London alderman
Drawing based on the monumental brass of
Alderman John Feld and his son John

from E. Cutts, Scenes and Characters of the Middle Ages. London, 1925

John Feld senior must have been born around the beginning of the fifteenth century. The John Feld of Standon, Hertfordshire who died in 1408, and a John atte Feld brewer of London, whose will was made in 1405, are candidates for his father, and they may even be the same person. The alderman held property at Standon, as well as in Essex and Kent, and was residing in Standon by 1465.

He began his career as a stockfishmonger, and the unfinished inscription on his brass describes him as "a merchant of the staple of Calais"; in 1449 he was one of 15 commissioners appointed to negotiate with the Duke of Burgundy regarding the commercial interests of England and France, particularly the traffic in wool and woolfells through the Calais staple. But later in life he seems to have retired to his estates outside the city and in 1470 was described as "late of London, gentleman".

Feld served as sheriff of London in 1454, and two years later became an alderman, remaining such until 1463. In that year he obtained from the mayor a release from all future service to the city, on the grounds of illness. Yet the importance to him of aldermannic status is seen in that his brass depicts him wearing an alderman's gown atop his other clothes; the brass was originally inlaid with colour, traces of the red of the livery and the white of its fur lining still being visible at the time the above illustration was made. From his girdle hangs his purse, the mark of a man of business, and a rosary, to symbolize his piety.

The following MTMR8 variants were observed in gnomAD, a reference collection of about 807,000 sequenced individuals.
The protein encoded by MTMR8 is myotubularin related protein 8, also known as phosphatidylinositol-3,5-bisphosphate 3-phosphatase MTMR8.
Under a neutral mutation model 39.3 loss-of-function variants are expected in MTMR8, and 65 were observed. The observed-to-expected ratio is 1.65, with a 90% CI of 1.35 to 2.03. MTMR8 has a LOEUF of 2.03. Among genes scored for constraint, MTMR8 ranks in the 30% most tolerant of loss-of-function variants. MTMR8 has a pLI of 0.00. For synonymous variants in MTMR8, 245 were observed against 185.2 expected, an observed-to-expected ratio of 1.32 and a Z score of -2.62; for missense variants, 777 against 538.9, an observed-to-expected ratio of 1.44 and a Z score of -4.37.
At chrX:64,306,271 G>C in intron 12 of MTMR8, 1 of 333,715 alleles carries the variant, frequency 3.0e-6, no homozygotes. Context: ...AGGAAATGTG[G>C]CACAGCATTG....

His brass, in Standon church, states that John Feld senior died on 16 August 1474. His son and heir, John junior, was his executor, along with John junior's wife Agnes. This suggests a second son, indicated on the brass, had predeceased him – the risk of a father living to old age. John junior had the status of esquire and probably had chosen to pursue his career among the landed gentry. The contrast between the way he and his father are depicted on the brass is telling. John junior did not long outlive his father, dying in 1477; the brass indicates that he had two sons and two daughters.

The monument to the two Johns symbolizes one characteristic of the urban ruling class of the fifteenth century: that wealthy merchants were inclined to purchase extra-urban land – part investment, part acquisition of productive land to serve or expand their business, and part ambition to raise themselves into the ranks of the gentry. The transition in social status often took place across generations. It meant that the loyalties, interests, and preoccupations of urban leaders did not lay wholly with those they led, driving a wedge into the community, a concept important to the survival and advancement of towns in their early period of self-determination.

The divided loyalties are emblemized on the monumental slab on which the brass of the Felds was mounted. It was ornamented with the arms of the city of London, those of the merchants of the staple, the alderman's own merchant-mark, and the arms that can also be seen on John junior's tabard.

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